Poland ranked 30th among the 34 OECD countries in the Golden Age Index ranking, measuring the level of the labour-market utilisation of the potential of people aged 55+.
A higher rate of employment would significantly increase Poland’s GDP, the authors of the PwC report estimate.
The Golden Age Index ranking covers 34 countries of the OECD, evaluating them on the basis of selected key indicators, including the number of employed persons over 55 years of age, their earnings and participation in training or the number of part-time employment contracts.
Iceland has consistently took the first place in the ranking since 2003. The second and third place were taken by New Zealand and Sweden. Poland was ranked 30th (in the previous edition of the ranking in 2015 it ranked 31st).
PwC experts estimate that if the employment rate of people aged 55+ was higher the GDP of the OECD countries could increase by up to USD 2.6 trillion annually. If the rate of their employment in Poland was the same as it is in Sweden (which took the third place in the ranking), Polish GDP would increase by four to eight percent.
Meanwhile, the average effective age of exit from the labour market in Poland is now 60.8 years. The same results were recorded in Greece. The labour market exit age is only lower in Belgium, Slovakia and France.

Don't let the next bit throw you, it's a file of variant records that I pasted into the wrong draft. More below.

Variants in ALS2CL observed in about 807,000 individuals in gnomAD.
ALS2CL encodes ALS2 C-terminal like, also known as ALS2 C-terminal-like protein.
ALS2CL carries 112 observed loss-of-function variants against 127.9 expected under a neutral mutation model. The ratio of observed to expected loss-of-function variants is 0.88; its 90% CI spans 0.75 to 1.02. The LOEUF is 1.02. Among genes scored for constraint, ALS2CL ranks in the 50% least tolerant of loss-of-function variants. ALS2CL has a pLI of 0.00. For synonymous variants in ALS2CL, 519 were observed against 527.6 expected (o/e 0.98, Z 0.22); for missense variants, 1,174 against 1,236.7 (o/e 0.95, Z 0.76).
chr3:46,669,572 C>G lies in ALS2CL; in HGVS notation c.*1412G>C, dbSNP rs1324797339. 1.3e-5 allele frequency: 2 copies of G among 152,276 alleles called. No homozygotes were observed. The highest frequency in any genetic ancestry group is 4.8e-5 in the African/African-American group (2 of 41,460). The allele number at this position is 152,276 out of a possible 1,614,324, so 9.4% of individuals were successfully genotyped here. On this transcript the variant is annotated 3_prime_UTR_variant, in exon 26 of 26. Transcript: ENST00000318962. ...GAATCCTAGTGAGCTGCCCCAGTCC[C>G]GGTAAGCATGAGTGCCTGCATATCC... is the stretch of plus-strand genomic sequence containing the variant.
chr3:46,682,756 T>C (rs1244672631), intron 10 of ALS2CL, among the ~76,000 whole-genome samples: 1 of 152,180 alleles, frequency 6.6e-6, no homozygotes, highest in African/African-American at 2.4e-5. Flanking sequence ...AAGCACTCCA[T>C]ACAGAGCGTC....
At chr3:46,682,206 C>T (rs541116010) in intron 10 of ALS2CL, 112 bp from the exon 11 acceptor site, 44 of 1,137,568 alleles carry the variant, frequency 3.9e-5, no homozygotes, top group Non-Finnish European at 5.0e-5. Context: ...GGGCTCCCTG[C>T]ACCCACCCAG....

The employment rate in the 55-64 age group in Poland is 42.5 percent. Lower rates are only found in Hungary, Slovenia, Greece and Turkey.
On the other hand, the employment rate in the age group 65-69 is 9.7 percent, which puts Poland at the 25th place among 34 OECD countries.
Poland is ranked at the bottom positions in almost all areas studied in the Golden Age Index, except for the relation of wages of older people to the younger age groups. “It should be noted that compared to the results from 2003, most of the indicators are improving, but it is a pretty slow increase,” said Mateusz Walewski, Senior Economist at PwC.
In his opinion in the subsequent years the employment rate of people over 55 years of age will increase. “This is associated with the entrance into advanced age of people who were about 30 at the beginning of the economic transformation, and spent most of their professional careers already in the market economy. They are accustomed to flexibility and changing competencies, which allows them to stay on the labour market for longer,” he adds.